Students explore engineering tech with new robotic arms

Students+explore+engineering+tech+with+new+robotic+arms

Jason Lin and Xiaolei Yu

The engineering technology teacher at Palo Alto High School is improving the prospects of online learning in his classes by introducing programmable robotic arms into the curricula.

An employee from Evodyne, a Mountain View-based robotics company, demonstrates a programmable robotic arm kit. Engineering Technology teacher Christopher Kuszmaul is partnering with Evodyne to give his students hands-on experience with robot assembly and Arduinos, which are programmable circuit boards. “I don’t expect it to be particularly easy for students to do remote instruction easily, but we have to take what steps we can,” Kuszmaul said. Photo: Evodyne Academy

Last month, each student in the 10-person engineering technology class received robotic arm kits to construct their own mechanical masterpieces as a part of a new curriculum, according to Paly Engineering Tech teacher Christopher Kuszmaul. 

Every Tuesday, an employee from Evodyne, a Mountain View-based robotics company, joins the class and guides students through the construction of the robotic arm. Students use 3D-printed parts and an Arduino kit to assemble their arm.

“The process of constructing a robot arm, it gives you a lot of mechanical engineering exposure,” Kuszmaul said. “I mean, there’s the very fundamental things of what different kinds of machines there are, from the levers to wheel and axle.”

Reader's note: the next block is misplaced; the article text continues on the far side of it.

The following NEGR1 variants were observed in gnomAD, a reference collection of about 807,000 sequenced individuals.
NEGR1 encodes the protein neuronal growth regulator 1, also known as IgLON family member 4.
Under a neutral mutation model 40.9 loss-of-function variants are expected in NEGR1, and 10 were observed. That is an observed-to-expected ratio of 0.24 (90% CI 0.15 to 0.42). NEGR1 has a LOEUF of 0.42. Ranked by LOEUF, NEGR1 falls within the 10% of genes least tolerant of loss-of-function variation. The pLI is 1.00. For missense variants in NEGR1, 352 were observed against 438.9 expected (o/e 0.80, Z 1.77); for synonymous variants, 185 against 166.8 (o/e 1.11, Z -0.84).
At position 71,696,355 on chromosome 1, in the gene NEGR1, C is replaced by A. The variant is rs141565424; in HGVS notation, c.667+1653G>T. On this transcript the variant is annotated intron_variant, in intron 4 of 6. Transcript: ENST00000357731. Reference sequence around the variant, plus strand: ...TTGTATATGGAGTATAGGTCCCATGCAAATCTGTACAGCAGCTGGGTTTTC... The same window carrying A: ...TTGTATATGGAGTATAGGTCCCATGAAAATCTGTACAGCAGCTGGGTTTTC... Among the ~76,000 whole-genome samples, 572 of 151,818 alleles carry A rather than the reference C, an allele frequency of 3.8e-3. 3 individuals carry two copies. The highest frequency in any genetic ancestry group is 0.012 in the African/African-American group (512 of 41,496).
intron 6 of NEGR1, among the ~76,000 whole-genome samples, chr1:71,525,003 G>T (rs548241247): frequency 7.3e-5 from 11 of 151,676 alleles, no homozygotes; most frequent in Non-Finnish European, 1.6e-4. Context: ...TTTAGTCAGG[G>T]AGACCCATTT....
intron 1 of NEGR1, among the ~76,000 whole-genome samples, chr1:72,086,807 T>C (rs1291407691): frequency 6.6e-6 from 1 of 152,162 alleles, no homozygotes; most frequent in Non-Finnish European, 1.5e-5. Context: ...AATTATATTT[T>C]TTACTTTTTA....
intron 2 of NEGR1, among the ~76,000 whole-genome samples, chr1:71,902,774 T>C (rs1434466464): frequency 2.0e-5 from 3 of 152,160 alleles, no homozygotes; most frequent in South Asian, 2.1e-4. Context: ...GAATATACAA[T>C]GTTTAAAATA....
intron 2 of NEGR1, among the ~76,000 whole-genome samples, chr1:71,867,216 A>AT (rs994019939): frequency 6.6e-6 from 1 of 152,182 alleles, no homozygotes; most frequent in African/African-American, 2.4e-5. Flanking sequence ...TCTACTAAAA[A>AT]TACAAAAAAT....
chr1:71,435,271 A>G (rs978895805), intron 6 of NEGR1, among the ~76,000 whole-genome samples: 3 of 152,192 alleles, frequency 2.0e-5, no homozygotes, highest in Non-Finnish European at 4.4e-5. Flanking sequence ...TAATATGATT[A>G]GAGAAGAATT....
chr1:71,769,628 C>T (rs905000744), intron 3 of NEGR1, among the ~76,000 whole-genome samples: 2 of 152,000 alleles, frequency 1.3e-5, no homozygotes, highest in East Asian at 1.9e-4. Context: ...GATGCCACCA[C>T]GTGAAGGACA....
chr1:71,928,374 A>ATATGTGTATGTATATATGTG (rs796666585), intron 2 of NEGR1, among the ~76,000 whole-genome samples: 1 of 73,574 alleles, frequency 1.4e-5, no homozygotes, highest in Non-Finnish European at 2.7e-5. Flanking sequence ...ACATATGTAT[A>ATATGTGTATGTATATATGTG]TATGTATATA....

Kuszmaul said he has been looking for ways to improve his engineering students’ learning experience even before the COVID-19 pandemic.

“When COVID happened, I was looking more desperately for ways to put something physical in the hands of students that was related to robots,” Kuszmaul said. 

He later partnered with Evodyne to supply the kits. The district paid $3,000-$3,300 for the kits at $300 each, with funding coming from the Carl D. Perkins Grant, a grant that provides supplemental funding available for CTE classes, Kuszmaul said.
According to Kuszmaul, the partnership has been mutually beneficial, supporting both the small company, by giving it customers, and the Paly students, by giving them new interactive learning material.

“Evodyne had shifted their business strategy, I think more towards something [educating students] which I needed,” Kuszmaul said. “So both of us were kind of running in parallel to each other at least metaphorically, but then when COVID happened, that kind of drove us together.”

Engineering tech students have been working on their robot arm for a month-long unit, and will soon pass it on to other students in Kuszmaul’s computer-aided design and computer science classes, he said.

Kuszmaul said he hopes that the robotic arm kits prove to be a useful learning resource for all his students — not just his engineering tech students — by extending the robot arm curriculum into the computer-aided design class and the computer science classes as well.

“The discussion I’m having with Evodyne, as well as a strategy for the general community, is how can we and how should we scale this because my vision is to have robot arm kits for virtually all my students,” Kuszmaul said.

Although Kuzmaul plans to eventually expand the robot arm curriculum to all of the classes he teaches, for now, he plans to purchase additional kits after the holidays so that there are 20-30 kits in use next semester.

“By May we could have had as many as 70 students do two units on the arm,” Kuszmaul said.